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Title: Hepatic peroxisome proliferation : mechanisms and species differences
Author: Mitchell, Angela M.
ISNI:       0000 0001 3411 248X
Awarding Body: University of Surrey
Current Institution: University of Surrey
Date of Award: 1985
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The present work has investigated the species differences and mechanisms involved in hepatic peroxisome proliferation. The suitability of primary hepatocyte cultures as an in vitro model for this phenomenon was determined. The effects of a range of peroxisome proliferators on cultured rat hepatocytes were both qualitatively and quantitatively similar to the effects observed in the liver of the rat in vivo. A species difference in the hepatic response to orally administered di-(2-ethyl hexyl)phthalate (DEHP) was demonstrated in the rat and the marmoset. This species difference phenomenon was further investigated using primary guinea pig and marmoset hepatocyte cultures. Peroxisome proliferation as seen in rat hepatocytes was not observed in guinea pig or marmoset hepatocytes with any agent tested. Similarly, peroxisome proliferation was not observed in cultured human hepatocytes. These observations are suggested to infer an inherent difference in sensitivity of the guinea pig, marmoset and human hepatocyte to peroxisome proliferation. The mechanism by which DEHP elicits peroxisome proliferation in the rat liver has been investigated. The metabolites of DEHP produced by o-1-oxidation of the monoester (metabolite IX [mono-(2-ethyl-5-hydroxy hexyl phthalate] and metabolite VI [mono-(2-ethyl-5 oxo hexyl phthalate]) were shown to be potent peroxisome proliferators in cultured rat hepatocytes. These metabolites produced a transient increase in intracellular neutral lipid in cultured rat hepatocytes. Metabolite Vis was further shown to interfere with hepatic lipid metabolism, causing an inhibition of mitochondrial medium chain acyl carnitine oxidation specifically. Hence it is proposed that the species difference in peroxisome proliferation is due to differences in response of guinea pig, marmoset and human hepatocytes to the accumulation of intracellular lipid.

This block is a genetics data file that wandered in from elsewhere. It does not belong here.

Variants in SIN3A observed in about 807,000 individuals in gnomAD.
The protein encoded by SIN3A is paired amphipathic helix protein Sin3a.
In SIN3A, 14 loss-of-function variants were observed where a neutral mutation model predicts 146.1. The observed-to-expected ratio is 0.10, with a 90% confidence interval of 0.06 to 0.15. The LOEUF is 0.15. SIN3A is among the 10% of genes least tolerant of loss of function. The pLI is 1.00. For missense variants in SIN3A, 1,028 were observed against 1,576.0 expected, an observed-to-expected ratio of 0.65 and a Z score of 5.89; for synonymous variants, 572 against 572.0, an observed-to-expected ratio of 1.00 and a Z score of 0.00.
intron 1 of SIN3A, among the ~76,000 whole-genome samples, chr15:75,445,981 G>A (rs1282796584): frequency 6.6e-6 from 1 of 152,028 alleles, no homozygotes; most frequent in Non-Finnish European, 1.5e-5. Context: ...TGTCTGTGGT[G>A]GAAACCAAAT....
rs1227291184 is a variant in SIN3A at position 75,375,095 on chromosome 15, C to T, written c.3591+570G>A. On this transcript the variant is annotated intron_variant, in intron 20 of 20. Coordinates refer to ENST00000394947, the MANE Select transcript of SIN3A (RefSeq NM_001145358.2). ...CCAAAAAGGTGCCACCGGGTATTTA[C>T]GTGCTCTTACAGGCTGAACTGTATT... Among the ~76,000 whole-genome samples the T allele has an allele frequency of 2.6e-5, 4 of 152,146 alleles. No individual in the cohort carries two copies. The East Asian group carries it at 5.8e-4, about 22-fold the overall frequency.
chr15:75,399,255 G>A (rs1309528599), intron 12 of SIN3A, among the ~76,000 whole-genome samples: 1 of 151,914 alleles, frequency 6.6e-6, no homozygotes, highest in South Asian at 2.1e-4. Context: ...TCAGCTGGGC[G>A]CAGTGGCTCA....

Supervisor: Not available Sponsor: Not available
Qualification Name: Thesis (Ph.D.) Qualification Level: Doctoral
EThOS ID:  DOI: Not available
Keywords: Genetics